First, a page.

Cohabitants do not have the same rights to make property claims as married couples or civil partners. Instead, disputes between cohabitants regarding their interests in a property are determined in accordance with the law of trusts. The ‘common law’ wife or husband does not exist in law and claims by cohabitants are very limited in comparison with spouses or civil partners. In some circumstances it may be possible to make a claim against property on behalf of a child.
There are two main ways in which a cohabitant may have an interest in a property:
In some circumstances a cohabitant who has a potential interest in a property may make an application to the court under legislation called the Trusts of Land and Appointment of Trustees Act 1996 (TOLATA 1996) if the legal owner of the property does not recognise their interest.
One of the first steps in determining whether you may have a claim against property is to consider whether you own the property in question jointly with your cohabitant or former cohabitant, or if the property is solely owned by just one of you. The ownership of a property and the way in which it is owned is often dealt with at the time the property is purchased, or in some cases by a subsequent legal transfer of the property.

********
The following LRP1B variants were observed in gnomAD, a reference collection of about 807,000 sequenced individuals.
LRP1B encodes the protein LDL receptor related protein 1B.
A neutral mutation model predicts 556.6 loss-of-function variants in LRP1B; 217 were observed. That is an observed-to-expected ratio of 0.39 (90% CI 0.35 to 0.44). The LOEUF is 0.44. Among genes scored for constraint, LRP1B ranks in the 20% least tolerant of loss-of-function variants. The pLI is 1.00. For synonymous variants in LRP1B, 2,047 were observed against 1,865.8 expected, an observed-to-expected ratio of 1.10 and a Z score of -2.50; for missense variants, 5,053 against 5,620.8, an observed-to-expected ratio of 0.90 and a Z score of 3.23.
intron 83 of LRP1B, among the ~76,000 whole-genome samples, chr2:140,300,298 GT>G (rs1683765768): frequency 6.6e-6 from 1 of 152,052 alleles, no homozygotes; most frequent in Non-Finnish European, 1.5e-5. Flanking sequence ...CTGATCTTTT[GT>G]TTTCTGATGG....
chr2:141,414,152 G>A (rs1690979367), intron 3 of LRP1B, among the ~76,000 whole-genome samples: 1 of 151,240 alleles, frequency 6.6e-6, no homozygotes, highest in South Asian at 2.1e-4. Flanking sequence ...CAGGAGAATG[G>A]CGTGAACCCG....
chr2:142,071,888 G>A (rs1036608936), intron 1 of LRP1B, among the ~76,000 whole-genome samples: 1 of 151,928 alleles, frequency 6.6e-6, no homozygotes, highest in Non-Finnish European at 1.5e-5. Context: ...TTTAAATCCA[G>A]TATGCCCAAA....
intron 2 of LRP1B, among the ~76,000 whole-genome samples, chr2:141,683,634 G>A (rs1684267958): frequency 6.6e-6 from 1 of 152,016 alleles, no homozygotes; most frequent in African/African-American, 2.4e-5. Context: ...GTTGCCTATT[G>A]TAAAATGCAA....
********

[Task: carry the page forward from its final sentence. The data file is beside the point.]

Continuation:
Disputes regarding interests in property often arise where a property is solely owned by one cohabitant or former cohabitant. If the cohabitant who owns the property in their sole name has made an express written declaration of trust declaring that they hold the property for themselves and their cohabitant, setting out their respective shares, this is called an express trust.
If there is no express trust and you wish to claim a beneficial interest (because you are not a joint legal owner of the property), you must establish one of the following:
It can be challenging to establish an interest in a property where it is solely owned by your cohabitant or former cohabitant and there is no written express trust. You will need to discuss this in detail with our expert lawyers who will assess the merit of your claim and advise as to the most appropriate way to reach a resolution.
If it is necessary to commence proceedings before the court then the procedure thereafter consists of three main stages: disclosure, inspection and evidence. The court manages the process throughout and will list a trial (where all the written and oral evidence is considered) if the case does not settle. It is advisable to seek to reach a settlement by way of negotiations in most cases.
This will generally depend on circumstances of your case and we will be able to provide you an estimate as to our fees once we have discussed your requirements with you.